The tale of the Hanging Tree has been passed on from generation to generation until now it looms high with other urban legends.  Is it truly legend, a myth worthy of the lunatic with the prosthetic hook, or just another haunted forest yarn to scare schoolboys on pitch dark, campfire nights?
            As the legend goes, a distraught man hanged himself near the cliffs at Camp Crumb sometime during the 1930s.  Camp Crumb is situated a quarter-mile up Sloane’s Run along the northeastern base of Wallace Hill.  During the latter decade of the 19th century and the first decades of the 20th, it was a popular site for picnics and other outdoor excursions.  Hundreds of initials tattooed into the bald gray beech trees still attest to this day how popular Camp Crumb once was. 
            These ancient gray trees cast gentle shadows of upon a terrace tasseled with ferns rimming bench-sized sandstones velveted with moss and lichens, a site during the day Zen-like, an ambience tranquil enough to meditate.  But after the sun goes down…“That’s where a man hanged himself,” s said Dick Walker, who has lived all his 54 years in Toronto. 
"My mother and some old-timers told me how the man hanged himself with a chain at Camp Crum and 
that he remained missing for two weeks until his dog drug his hand home.  When the search party 
arrived at Camp Crum all they found was the man’s head swinging from a chain wrapped around a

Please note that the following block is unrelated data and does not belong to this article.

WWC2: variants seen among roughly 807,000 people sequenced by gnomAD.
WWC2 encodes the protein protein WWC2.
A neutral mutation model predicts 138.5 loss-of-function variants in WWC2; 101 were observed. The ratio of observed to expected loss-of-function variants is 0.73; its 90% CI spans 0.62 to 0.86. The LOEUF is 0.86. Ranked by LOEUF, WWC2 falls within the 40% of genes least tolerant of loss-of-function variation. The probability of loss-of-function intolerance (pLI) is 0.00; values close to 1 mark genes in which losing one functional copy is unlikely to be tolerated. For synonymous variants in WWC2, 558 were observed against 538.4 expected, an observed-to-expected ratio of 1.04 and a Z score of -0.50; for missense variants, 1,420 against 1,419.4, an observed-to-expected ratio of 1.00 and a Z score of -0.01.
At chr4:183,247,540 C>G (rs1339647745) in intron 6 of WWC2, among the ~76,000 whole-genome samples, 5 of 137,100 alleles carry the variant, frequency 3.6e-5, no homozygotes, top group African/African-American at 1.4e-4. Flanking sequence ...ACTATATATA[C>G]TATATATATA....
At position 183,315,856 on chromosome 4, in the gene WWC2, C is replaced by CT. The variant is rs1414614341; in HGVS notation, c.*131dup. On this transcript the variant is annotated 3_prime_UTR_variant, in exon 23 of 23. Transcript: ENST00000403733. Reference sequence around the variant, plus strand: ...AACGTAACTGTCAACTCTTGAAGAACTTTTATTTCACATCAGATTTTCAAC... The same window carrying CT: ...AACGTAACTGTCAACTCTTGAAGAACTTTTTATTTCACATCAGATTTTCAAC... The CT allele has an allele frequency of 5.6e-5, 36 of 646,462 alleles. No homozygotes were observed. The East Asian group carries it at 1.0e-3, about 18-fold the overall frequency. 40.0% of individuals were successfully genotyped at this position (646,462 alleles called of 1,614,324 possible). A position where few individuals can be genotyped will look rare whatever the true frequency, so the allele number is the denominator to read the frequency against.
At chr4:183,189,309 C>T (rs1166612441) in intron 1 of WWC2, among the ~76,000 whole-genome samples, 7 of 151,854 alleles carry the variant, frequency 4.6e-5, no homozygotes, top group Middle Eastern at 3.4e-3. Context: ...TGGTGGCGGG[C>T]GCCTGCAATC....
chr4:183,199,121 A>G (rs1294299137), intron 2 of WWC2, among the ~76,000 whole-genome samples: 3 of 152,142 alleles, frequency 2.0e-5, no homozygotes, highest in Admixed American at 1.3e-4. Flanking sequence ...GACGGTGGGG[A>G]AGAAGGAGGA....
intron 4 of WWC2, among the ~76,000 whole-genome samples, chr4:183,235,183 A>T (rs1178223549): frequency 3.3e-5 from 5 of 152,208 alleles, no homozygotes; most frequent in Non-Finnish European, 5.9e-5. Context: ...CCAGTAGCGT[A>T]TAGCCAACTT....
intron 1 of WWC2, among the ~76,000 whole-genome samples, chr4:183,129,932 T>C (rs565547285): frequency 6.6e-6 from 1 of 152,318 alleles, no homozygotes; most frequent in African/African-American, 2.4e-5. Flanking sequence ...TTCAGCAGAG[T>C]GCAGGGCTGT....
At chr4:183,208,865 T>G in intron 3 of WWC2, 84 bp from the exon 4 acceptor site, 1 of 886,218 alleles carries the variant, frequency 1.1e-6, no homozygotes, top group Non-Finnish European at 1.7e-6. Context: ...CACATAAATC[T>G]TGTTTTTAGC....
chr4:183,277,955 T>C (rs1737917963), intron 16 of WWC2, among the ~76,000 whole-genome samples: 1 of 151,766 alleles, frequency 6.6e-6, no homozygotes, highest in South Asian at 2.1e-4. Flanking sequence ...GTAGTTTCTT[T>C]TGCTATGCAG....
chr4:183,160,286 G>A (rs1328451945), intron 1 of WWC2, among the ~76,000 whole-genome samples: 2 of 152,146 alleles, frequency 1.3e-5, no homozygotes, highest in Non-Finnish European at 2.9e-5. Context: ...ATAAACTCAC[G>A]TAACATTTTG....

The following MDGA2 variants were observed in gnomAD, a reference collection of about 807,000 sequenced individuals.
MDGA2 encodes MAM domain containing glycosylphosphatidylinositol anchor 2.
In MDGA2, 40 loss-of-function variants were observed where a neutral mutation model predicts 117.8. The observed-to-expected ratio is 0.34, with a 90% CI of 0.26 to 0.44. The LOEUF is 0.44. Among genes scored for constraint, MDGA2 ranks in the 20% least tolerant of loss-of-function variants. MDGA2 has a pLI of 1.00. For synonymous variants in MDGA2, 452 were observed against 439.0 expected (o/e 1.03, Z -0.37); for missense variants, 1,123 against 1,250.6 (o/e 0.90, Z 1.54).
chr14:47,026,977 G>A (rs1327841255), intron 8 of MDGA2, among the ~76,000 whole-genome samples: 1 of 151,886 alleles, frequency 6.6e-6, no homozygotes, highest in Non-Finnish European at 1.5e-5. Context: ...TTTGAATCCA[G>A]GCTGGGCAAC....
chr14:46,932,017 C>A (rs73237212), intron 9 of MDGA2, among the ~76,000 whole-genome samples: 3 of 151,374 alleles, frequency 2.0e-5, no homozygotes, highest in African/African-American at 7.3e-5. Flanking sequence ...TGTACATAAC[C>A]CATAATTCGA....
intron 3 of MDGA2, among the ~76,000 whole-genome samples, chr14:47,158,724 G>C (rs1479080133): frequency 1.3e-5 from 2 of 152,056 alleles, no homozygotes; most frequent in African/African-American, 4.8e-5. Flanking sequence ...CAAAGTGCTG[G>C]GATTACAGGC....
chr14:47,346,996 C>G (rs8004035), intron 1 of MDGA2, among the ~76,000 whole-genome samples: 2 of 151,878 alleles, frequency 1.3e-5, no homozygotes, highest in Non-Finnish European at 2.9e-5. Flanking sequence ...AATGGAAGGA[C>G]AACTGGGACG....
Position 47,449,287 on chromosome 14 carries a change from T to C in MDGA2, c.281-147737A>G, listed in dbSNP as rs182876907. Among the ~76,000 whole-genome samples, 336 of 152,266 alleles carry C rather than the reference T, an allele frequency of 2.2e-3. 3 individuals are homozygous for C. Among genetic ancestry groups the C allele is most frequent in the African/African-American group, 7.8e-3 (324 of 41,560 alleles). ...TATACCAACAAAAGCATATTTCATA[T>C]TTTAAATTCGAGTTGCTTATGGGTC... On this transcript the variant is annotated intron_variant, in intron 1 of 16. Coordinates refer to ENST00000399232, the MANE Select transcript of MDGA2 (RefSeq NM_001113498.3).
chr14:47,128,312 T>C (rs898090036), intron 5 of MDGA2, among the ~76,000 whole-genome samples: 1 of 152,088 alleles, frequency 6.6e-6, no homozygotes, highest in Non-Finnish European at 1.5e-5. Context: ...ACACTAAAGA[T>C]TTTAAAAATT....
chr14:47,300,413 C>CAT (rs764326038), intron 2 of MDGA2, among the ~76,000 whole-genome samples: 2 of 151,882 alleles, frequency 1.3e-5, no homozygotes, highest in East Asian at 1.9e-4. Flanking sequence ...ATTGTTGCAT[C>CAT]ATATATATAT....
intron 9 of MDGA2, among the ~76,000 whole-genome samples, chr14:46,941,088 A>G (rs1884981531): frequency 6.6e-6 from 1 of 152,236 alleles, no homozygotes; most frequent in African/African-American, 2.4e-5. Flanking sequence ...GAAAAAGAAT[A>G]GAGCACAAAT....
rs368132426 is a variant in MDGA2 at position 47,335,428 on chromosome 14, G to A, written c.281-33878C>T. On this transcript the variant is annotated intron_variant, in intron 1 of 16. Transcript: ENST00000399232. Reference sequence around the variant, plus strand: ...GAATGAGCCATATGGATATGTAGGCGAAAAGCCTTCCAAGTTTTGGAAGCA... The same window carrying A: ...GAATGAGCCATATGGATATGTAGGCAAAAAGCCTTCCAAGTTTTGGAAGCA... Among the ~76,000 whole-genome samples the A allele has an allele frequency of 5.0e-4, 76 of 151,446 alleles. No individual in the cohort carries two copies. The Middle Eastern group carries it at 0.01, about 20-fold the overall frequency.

limb of a beach tree near a cliff.”
His late mother told Walker the hanged man’s name, but he can only remember the gruesome details 
and that the man worked for Mike Henry probably during the 1930s at the White Front Café.
“I heard too many people talk about the Hanging Tree to pass it off as some campfire tale,” Walker 
said.  “Besides, something is weird up there at night. Just makes your skin crawl.  Me and five other 
guys tried camping out there overnight when we were young, but it’s just too spooky.  Plenty of other 
guys have tried sleeping out up Camp Crum and nobody can claim he made it to daylight.”
“I remember one night like it was yesterday, said Pat Daughtery about an adventure he shared with 
Walker at Camp Crumb.  “There were six of us laughing up a storm, telling stories and suddenly we 
heard a chain clanging high in the beech trees.  We took off so fast we forgot to pick up our beer.”
“We called it the Hanging Tree,” said Joe Nemitt Sr. recalling boyhood excursions to the tragic site.  
We got scared quickly and didn’t stick around long.”
Some old-timers believe this lightning-charred beech tree is the notorious Hanging Tree of Camp Crum.    Others claim  the victim boosted himself upon "Scaffold Rock" before completing the deed.  
“I wouldn’t camp out there with 50 guys and two kegs and a bucket of holy water,” added Daughtery, 
“and I bet no one else would last there more than a couple of hours.”

EDITOR'S NOTE:  I, too, tried camping out at Camp Crumb.  I did not last two hours.